‘Making a Murderer’: Steven Avery Supporters March on Manitowoc Courthouse

Protest drew over 100 people from across the country

Steven Avery Brendan Dassey Making a Murderer Netflix

Supporters of Steven Avery and Brendan Dassey, the subjects of Netflix’s “Making a Murderer,” protested near the Manitowoc County Courthouse on Friday.

Hundreds were expected to participate in the rally, and although the group didn’t quite hit that quota, protest organizer Megan McGuinness told TheWrap it was a “perfect” protest.

“Everything went according to plan and nothing got out of control, no one got arrested,” said McGuinness. “It was probably the best protest I’ve ever seen in my 29 years of living.”

She said that a little more than 100 people attended the rally that took place near the courthouse and then moved to the Sheriff’s Office. Supporters traveled from as far as Texas, Florida and Oregon. The event was live streamed on Periscope drawing hundreds of people online, some from out of the country like Belgium.

“That’s been the most incredible thing so far, people all over the world have supported us,” added McGuinness.

“Making a Murderer” follows Avery and Dassey who were convicted of the murder of Wisconsin photographer Teresa Halbach in 2005. Avery, who was exonerated of a rape conviction after serving 18 years in prison, still maintains his innocence today, as does Dassey.

On the Periscope stream, people could be heard chanting, “Give these men their life back, how many years do you need to take from them?” and “We all live on Avery Road.”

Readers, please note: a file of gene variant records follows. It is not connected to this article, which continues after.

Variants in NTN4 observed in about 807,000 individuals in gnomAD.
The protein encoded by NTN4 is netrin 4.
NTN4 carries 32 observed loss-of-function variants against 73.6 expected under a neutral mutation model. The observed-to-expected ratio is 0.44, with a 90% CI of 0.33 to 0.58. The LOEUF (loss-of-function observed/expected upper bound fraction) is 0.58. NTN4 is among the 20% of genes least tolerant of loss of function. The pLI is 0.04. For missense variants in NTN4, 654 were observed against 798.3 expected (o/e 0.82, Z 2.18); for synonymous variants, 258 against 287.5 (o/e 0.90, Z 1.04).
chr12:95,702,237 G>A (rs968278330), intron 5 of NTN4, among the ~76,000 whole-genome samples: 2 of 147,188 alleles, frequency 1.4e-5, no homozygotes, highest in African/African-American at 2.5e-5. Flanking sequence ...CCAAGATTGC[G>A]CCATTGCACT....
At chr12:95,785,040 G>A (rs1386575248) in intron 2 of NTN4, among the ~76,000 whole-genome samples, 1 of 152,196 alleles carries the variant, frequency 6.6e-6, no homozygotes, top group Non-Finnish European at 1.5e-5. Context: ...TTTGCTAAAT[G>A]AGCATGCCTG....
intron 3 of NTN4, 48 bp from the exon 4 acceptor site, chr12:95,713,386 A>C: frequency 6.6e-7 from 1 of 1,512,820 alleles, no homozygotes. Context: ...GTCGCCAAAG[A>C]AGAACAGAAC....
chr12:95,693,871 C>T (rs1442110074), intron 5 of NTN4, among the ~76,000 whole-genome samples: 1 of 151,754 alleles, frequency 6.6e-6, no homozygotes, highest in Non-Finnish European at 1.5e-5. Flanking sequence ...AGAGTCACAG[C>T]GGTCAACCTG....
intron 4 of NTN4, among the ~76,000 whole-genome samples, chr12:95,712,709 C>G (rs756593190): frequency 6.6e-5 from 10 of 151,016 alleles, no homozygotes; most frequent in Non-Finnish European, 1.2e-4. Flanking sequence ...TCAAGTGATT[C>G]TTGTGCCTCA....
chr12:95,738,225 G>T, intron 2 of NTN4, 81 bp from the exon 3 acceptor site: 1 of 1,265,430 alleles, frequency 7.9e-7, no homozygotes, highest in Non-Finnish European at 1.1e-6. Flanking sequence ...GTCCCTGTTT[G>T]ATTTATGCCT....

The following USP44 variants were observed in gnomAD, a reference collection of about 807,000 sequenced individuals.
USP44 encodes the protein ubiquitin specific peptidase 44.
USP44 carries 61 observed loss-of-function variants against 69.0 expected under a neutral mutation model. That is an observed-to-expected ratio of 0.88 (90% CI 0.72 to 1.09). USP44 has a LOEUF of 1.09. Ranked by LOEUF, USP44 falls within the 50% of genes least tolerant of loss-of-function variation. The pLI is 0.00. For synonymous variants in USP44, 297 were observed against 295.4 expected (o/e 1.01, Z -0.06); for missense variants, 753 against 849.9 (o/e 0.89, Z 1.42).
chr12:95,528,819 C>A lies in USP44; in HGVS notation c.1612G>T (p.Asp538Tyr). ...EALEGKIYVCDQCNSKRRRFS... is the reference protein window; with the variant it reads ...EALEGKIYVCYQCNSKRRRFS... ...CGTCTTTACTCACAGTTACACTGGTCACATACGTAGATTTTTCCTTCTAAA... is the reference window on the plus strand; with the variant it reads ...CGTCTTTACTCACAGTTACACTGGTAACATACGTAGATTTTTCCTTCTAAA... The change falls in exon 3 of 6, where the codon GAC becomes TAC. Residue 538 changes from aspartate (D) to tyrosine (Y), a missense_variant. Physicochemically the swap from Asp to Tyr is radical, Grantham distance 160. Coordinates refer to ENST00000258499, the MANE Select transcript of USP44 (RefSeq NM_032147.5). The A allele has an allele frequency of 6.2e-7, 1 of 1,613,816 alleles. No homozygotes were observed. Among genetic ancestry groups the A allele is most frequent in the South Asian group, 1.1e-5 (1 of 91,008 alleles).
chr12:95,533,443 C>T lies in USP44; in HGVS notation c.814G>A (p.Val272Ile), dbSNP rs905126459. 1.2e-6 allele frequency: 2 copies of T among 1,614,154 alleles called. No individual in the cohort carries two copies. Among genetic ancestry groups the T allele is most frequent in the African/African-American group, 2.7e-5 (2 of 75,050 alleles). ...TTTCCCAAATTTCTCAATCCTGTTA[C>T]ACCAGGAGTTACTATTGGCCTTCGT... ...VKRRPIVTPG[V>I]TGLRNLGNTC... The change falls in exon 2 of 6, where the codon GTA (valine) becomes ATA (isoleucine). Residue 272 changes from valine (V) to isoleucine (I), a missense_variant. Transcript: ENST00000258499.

One man referenced the key to Halbach’s car that was found in Avery’s trailer seven days after the initial police search. The key has been a crucial part of evidence in the case although many believe it was planted by the Manitowoc County Police Department.

“If you lost your keys, don’t call the Manitowoc Sheriff’s Department because it takes seven days to find it although it’s hiding in plain sight.”

Sheriff Robert Hermann told TheWrap the event remained peaceful.

“It was a lot smaller than what was planned and what was believed to be,” he said. “As far as I know, nothing got out of hand. It was a peaceful protest for the most part.”

The protestors are still on the move, although they’ve moved away from the courthouse. They are now heading to the Avery Salvage Yard, where Teresa Halbach’s car was found, to take pictures and support the business that “has taken a hit since the documentary,” according to McGuinness. She hopes to plan a GoFundMe page to raise money for the salvage yard.

When asked how Avery and Dassey were doing, McGuinness said that “they are hanging in there” and are awaiting a Feb. 11 court date, when a Wisconsin judge will hear Avery’s motion for appeal.